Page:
I’ve been using Chrome for entire minutes now, and so far it seems pretty nice. It’s not enormously different from the rest of the world’s browsers, but then, other than generally behaving better what is there to do? And behave better it claims to do: read the comic book(!) to find out how (summary: multi-processing! one process per tab, basically).

The browser’s look and feel is Google-like, simple and streamlined—despite the name, it’s really not all that shiny, and I mean that in a good way. There’s no distracting flash cluttering up the screen; pretty much everything you see is functional.

Like IE7, Chrome has no menu bar; unlike IE7, it seems to have no way to get one. Which is probably just as well—if the browser is well-designed for menulessness you shouldn’t need them, and they can only clutter things up. The tabs are outside the rest of the app, giving a feel of “application inside tab” rather than “tab inside application,” which frankly doesn’t matter much to You the User, but which does presumably reflect the architecture of the browser. Having tabs on top does give the app a slightly different feel from most apps, especially with Windows Vista Aero.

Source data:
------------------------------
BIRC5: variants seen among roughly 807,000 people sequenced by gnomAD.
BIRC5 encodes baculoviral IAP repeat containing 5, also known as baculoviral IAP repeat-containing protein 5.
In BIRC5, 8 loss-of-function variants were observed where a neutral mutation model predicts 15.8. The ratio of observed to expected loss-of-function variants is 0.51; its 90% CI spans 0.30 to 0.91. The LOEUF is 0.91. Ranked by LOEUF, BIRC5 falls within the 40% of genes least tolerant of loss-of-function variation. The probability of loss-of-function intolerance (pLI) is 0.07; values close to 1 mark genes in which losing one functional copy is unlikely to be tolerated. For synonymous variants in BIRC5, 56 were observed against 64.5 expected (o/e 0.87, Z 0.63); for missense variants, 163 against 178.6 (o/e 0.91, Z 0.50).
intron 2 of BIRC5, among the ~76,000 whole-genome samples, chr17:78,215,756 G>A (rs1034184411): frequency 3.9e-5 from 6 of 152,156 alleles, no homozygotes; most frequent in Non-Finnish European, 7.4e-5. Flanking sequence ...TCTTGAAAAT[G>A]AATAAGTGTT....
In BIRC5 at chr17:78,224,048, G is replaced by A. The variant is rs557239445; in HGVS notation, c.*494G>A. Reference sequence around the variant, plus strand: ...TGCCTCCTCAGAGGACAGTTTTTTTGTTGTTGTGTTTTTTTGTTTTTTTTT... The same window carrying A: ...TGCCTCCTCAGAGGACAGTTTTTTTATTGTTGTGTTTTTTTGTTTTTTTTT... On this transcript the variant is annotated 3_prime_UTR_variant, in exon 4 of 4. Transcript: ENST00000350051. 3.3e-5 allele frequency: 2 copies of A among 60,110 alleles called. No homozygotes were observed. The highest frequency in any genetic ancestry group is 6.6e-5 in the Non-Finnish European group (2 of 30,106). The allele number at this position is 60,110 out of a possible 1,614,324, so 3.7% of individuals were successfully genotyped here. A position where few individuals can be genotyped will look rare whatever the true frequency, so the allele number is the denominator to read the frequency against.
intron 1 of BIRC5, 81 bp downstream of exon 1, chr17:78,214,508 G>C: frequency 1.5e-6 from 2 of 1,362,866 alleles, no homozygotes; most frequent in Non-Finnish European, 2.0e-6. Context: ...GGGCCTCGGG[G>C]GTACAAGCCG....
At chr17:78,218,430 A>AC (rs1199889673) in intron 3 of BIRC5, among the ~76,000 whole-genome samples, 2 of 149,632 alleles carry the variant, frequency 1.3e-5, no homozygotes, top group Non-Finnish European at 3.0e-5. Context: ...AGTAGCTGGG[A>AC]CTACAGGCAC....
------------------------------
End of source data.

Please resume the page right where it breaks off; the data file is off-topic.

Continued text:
The address bar does more or less what Firefox’s does, as far as I can tell. One nice feature is that the hostname is bolded, so it stands out from the rest of the URL, which for long crufty URLs is nice. There’s no search box, I suppose because the address bar is supposed to do all the searching you need. I’m not quite sure that’s true, as the dynamic autocompletion hints aren’t what they are in a real searchbox; they’re mixed with address history, I suppose.